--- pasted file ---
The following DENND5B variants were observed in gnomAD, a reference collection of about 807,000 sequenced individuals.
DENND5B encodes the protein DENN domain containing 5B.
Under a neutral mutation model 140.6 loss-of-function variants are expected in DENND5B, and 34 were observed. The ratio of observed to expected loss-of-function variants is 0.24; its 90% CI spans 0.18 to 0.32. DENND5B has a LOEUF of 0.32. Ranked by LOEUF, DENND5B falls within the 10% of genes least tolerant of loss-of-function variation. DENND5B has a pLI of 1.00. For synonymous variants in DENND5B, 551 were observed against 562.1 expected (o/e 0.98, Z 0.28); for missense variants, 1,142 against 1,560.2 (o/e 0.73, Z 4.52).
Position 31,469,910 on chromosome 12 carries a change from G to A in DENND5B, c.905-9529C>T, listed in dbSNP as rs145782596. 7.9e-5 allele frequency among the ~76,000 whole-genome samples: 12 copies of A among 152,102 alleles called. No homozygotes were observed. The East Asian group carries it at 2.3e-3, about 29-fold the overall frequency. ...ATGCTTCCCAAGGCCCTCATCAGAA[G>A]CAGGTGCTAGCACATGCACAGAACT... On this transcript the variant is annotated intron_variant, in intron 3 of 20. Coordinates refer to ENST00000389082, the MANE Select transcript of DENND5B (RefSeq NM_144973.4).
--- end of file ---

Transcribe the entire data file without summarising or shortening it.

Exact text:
The following DENND5B variants were observed in gnomAD, a reference collection of about 807,000 sequenced individuals.
DENND5B encodes the protein DENN domain containing 5B.
Under a neutral mutation model 140.6 loss-of-function variants are expected in DENND5B, and 34 were observed. The ratio of observed to expected loss-of-function variants is 0.24; its 90% CI spans 0.18 to 0.32. DENND5B has a LOEUF of 0.32. Ranked by LOEUF, DENND5B falls within the 10% of genes least tolerant of loss-of-function variation. DENND5B has a pLI of 1.00. For synonymous variants in DENND5B, 551 were observed against 562.1 expected (o/e 0.98, Z 0.28); for missense variants, 1,142 against 1,560.2 (o/e 0.73, Z 4.52).
Position 31,469,910 on chromosome 12 carries a change from G to A in DENND5B, c.905-9529C>T, listed in dbSNP as rs145782596. 7.9e-5 allele frequency among the ~76,000 whole-genome samples: 12 copies of A among 152,102 alleles called. No homozygotes were observed. The East Asian group carries it at 2.3e-3, about 29-fold the overall frequency. ...ATGCTTCCCAAGGCCCTCATCAGAA[G>A]CAGGTGCTAGCACATGCACAGAACT... On this transcript the variant is annotated intron_variant, in intron 3 of 20. Coordinates refer to ENST00000389082, the MANE Select transcript of DENND5B (RefSeq NM_144973.4).